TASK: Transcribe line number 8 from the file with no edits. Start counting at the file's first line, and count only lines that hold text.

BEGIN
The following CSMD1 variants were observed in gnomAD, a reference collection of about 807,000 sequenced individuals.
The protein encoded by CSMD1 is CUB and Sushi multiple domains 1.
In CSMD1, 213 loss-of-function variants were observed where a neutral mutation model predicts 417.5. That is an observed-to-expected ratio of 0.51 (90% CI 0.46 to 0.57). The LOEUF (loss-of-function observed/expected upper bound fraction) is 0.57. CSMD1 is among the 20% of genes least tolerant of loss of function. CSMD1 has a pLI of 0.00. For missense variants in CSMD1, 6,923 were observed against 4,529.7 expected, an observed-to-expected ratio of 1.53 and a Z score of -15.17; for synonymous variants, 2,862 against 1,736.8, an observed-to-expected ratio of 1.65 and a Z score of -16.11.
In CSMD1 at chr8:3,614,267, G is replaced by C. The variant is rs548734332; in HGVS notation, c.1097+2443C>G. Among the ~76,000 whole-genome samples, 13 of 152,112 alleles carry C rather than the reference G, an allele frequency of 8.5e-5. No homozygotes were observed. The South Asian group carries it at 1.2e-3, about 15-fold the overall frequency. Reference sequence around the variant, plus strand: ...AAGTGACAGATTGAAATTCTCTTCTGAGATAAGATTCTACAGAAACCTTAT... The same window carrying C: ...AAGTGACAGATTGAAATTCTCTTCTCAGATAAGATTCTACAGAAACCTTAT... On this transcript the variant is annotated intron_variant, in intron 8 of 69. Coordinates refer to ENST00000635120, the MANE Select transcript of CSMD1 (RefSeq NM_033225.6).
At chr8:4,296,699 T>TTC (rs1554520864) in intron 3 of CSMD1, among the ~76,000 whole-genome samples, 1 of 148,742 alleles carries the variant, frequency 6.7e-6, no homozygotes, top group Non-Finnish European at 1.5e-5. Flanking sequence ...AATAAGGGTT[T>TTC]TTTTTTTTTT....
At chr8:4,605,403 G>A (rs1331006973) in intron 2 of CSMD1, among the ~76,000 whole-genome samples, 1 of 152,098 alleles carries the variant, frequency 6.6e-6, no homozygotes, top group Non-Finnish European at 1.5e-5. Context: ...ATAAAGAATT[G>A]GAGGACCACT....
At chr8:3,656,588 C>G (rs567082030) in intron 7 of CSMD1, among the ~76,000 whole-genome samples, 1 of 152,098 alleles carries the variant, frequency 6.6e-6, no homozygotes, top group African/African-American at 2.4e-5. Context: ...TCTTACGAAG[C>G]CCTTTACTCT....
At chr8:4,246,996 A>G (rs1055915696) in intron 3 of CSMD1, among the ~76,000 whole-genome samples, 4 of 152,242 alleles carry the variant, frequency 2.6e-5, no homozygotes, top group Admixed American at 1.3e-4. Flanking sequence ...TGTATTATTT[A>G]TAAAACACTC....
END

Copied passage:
At chr8:4,246,996 A>G (rs1055915696) in intron 3 of CSMD1, among the ~76,000 whole-genome samples, 4 of 152,242 alleles carry the variant, frequency 2.6e-5, no homozygotes, top group Admixed American at 1.3e-4. Flanking sequence ...TGTATTATTT[A>G]TAAAACACTC....